We were able to feel the atmosphere which was present in Jablanica and its surroundings during the agonizing, but ultimately victorious and most humane battle of the Second World War.
Only one floor under, in the same building, we were entertained by the women of the Union of Women „Most “, with which we drank Bosnian coffee, sung „bećarac “songs, tried ourselves at knitting and lastly tasted numerous delicacies which were prepared by these women.
Next stop was the city of Mostar. We went to the Partisan Memorial Cemetery — a masterful piece of work by the famous Yugoslav architect Bogdan Bogdanović. According to the words of Gojko Jukić, the monument on Bijeli Brijeg is a synthesis of stone, water, greenery and light; everything which emanates from the city on the banks of the Neretva. That is why they grew together; the city and the monument. As a shining tear it remains in every eye when viewed from afar. But upon coming close, it becomes a complex story of human bravery. You traverse it as if through a steep, river pass. It climbs up a karst, Herzegovinian cliff and descends through arched doorways into Mostar houses.
We continued the poetic ambience of the monument with a visit to the grave of Aleksa Šantić — a famous poet from Mostar.
We parted with the traditional art forms with a visit to the contemporary street art park, where we saw murals which were created during the Street art festival in Mostar.
At the end of the day we visited the AbrakaBakra Copper Art craft-station in the heart of the old town of Mostar, where we had the opportunity to craft our own bracelets through the traditional craft with copper. Right next to the workshop in the „Cafe de Alma “, we enjoyed the aroma of Bosnian coffee, and were acquainted with the traditional process of making this type of coffee. The stay at this location was fulfilled with the company of the young team from the folklore group „Podveležje“, which completed the stay at the old town with traditional songs and play.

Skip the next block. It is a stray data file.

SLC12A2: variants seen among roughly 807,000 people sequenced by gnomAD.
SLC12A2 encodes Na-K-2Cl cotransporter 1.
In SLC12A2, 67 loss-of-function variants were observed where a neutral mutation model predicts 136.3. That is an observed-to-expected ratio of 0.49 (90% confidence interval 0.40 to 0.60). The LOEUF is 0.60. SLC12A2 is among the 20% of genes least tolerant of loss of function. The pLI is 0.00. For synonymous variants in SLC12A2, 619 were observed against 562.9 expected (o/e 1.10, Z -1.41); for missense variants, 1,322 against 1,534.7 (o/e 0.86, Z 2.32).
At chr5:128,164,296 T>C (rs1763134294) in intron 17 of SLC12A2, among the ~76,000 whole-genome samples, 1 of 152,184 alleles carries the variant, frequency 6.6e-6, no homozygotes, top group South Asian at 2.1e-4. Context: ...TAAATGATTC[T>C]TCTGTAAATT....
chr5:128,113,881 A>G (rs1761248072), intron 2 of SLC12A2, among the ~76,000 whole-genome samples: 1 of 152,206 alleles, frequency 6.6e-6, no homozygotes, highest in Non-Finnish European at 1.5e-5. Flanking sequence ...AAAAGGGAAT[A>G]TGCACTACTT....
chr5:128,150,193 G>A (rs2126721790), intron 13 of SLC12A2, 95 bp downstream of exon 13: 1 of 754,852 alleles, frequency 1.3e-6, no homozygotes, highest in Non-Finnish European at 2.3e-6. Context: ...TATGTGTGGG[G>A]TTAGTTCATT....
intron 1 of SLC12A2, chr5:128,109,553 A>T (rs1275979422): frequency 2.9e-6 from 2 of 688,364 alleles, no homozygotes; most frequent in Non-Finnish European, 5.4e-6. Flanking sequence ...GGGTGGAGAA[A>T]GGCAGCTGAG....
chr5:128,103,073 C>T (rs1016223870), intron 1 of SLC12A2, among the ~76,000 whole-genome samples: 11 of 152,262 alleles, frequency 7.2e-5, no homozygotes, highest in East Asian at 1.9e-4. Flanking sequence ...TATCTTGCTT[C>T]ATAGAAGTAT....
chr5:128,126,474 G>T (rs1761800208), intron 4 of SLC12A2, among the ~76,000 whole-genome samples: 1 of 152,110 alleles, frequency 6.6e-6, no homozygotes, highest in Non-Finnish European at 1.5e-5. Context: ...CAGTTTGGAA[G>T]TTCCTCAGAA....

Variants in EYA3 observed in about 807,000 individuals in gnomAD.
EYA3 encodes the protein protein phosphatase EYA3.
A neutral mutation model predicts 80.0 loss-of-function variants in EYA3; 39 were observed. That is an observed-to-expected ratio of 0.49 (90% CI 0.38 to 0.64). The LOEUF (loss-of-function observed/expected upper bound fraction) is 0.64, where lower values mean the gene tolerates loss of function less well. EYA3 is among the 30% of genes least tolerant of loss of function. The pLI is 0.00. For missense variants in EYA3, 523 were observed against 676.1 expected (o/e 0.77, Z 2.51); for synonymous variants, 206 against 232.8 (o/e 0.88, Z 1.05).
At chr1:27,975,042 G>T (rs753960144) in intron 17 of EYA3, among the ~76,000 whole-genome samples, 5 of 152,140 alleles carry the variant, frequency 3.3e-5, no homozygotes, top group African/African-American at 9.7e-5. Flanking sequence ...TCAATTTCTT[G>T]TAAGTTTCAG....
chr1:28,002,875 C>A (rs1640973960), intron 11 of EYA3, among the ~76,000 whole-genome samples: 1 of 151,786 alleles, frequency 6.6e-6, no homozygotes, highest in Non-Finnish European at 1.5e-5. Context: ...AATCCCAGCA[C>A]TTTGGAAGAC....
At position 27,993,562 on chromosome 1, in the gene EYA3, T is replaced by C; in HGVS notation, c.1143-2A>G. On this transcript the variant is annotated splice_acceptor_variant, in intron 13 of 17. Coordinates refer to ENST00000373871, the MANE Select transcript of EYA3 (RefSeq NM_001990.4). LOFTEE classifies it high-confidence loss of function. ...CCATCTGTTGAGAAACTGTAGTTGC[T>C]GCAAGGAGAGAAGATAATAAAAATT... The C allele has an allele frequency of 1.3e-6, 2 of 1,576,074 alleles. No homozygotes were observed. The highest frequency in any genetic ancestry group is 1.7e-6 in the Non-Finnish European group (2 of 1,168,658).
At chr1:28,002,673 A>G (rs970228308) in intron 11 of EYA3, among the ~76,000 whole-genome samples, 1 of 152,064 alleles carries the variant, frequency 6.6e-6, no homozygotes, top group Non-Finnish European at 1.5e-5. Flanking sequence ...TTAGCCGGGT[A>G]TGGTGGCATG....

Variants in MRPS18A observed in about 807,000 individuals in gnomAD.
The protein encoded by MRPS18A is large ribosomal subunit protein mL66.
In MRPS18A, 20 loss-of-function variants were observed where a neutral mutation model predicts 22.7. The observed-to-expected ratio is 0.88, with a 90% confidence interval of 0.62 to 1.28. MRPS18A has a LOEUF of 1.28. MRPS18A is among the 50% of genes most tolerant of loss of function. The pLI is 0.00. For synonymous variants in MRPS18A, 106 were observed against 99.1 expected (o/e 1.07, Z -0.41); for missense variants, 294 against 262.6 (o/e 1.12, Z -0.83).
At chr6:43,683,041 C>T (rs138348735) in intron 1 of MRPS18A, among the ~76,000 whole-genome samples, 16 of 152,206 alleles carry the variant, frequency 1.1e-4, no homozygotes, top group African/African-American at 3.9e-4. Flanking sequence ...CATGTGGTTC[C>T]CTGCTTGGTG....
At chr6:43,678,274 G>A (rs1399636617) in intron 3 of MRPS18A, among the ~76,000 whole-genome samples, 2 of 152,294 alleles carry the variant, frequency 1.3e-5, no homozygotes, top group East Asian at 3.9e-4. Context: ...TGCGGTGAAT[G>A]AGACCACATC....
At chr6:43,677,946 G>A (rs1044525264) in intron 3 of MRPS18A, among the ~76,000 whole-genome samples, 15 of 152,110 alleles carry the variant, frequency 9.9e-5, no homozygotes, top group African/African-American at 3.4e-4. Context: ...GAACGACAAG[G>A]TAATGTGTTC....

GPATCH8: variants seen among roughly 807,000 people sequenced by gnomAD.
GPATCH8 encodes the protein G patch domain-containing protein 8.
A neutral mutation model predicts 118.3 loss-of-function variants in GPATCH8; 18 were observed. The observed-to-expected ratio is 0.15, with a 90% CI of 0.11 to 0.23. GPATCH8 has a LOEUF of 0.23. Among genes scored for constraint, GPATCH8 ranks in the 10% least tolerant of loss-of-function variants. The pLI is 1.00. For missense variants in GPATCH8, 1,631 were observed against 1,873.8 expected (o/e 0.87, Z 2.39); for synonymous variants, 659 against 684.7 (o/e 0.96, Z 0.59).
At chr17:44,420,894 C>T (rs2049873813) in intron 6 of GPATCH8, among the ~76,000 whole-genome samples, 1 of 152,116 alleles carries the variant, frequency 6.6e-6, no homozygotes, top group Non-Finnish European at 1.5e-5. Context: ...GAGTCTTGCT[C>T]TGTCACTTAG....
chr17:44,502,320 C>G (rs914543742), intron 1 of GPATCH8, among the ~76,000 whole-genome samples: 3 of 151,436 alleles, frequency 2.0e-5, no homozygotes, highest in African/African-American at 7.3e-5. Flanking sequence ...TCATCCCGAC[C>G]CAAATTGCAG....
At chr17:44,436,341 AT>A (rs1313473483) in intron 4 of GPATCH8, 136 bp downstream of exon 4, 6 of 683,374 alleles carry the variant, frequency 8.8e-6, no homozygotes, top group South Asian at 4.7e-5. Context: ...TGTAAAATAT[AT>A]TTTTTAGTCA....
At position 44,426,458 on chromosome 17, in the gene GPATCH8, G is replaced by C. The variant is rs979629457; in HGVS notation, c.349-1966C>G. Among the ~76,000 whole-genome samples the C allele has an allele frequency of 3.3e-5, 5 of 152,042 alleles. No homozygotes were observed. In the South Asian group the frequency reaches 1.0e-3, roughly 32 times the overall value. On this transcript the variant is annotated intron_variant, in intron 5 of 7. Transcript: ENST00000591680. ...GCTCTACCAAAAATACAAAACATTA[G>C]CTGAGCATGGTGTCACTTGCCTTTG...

The part of the tour in Bosnia and Herzegovina was wrapped up by the city rafting tour on the river Neretva and with the adrenaline adventure on zip line (Fortica Hill).
The field trip then continued in Montenegro discovering Niksić and its cultural heritage and tradition. Starting with the arboretum, a collection of domestic and foreign species of trees and shrubs, made in Grahovo by General Vojo Kovačević. The tour continued to the recently restored Uprising and Revolution Memorial Park on the Umac hill.
The tastes of the region, the traditional ambient, and old stone house and local food were also explored in the ethno-house and cave "Đedovina". Slano Lake and Bridge on Moštanica so-called The Roman bridge are unavoidable attractions on the way to Niksić.
“Riverside Maksimović”, was the perfect place to taste the fish specialties in an authentic ambience on the banks of the river Zeta.
The advanture continued in the village of Župa in Nikšić, enjoying the unusual natural beauties and get acquainted with the techniques of cheese production on the Miličić family farm. Nearby, there is a monument honoring the memory of persons who lost their lives in the battle of Sutjeska.
Trebjesa, the protected natural area of the town of Nikšić, was the last place to visit. The park has more than 200 herbaceous and 40 woody species. There are 15 endemic species of the Balkan Peninsula. A place for relaxation, cycling with a panoramic view of Nikšić.
At the foot of Trebjesa, an imposing monument was erected in the shape of 11m high arms that stretch to the sky in memory of 32 executed resistance members. "Generations will admire your heroism for centuries" was engraved on this monument, completed in 1987 by the author Ljubo Vojvodić.